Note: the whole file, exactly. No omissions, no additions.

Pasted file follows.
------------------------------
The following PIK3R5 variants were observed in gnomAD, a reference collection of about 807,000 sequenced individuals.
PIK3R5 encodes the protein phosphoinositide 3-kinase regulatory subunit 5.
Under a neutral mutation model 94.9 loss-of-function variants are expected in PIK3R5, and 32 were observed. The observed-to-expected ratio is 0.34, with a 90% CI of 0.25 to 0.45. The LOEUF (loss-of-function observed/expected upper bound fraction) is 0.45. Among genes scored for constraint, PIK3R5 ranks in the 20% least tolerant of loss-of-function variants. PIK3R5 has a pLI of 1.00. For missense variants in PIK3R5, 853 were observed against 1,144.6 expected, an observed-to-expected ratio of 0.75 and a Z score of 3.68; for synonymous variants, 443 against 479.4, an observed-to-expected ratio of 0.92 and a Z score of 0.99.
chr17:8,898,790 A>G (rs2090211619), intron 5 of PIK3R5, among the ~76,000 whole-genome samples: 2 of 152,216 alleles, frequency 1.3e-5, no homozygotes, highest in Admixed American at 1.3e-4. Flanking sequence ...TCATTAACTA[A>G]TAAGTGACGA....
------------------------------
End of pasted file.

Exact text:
The following PIK3R5 variants were observed in gnomAD, a reference collection of about 807,000 sequenced individuals.
PIK3R5 encodes the protein phosphoinositide 3-kinase regulatory subunit 5.
Under a neutral mutation model 94.9 loss-of-function variants are expected in PIK3R5, and 32 were observed. The observed-to-expected ratio is 0.34, with a 90% CI of 0.25 to 0.45. The LOEUF (loss-of-function observed/expected upper bound fraction) is 0.45. Among genes scored for constraint, PIK3R5 ranks in the 20% least tolerant of loss-of-function variants. PIK3R5 has a pLI of 1.00. For missense variants in PIK3R5, 853 were observed against 1,144.6 expected, an observed-to-expected ratio of 0.75 and a Z score of 3.68; for synonymous variants, 443 against 479.4, an observed-to-expected ratio of 0.92 and a Z score of 0.99.
chr17:8,898,790 A>G (rs2090211619), intron 5 of PIK3R5, among the ~76,000 whole-genome samples: 2 of 152,216 alleles, frequency 1.3e-5, no homozygotes, highest in Admixed American at 1.3e-4. Flanking sequence ...TCATTAACTA[A>G]TAAGTGACGA....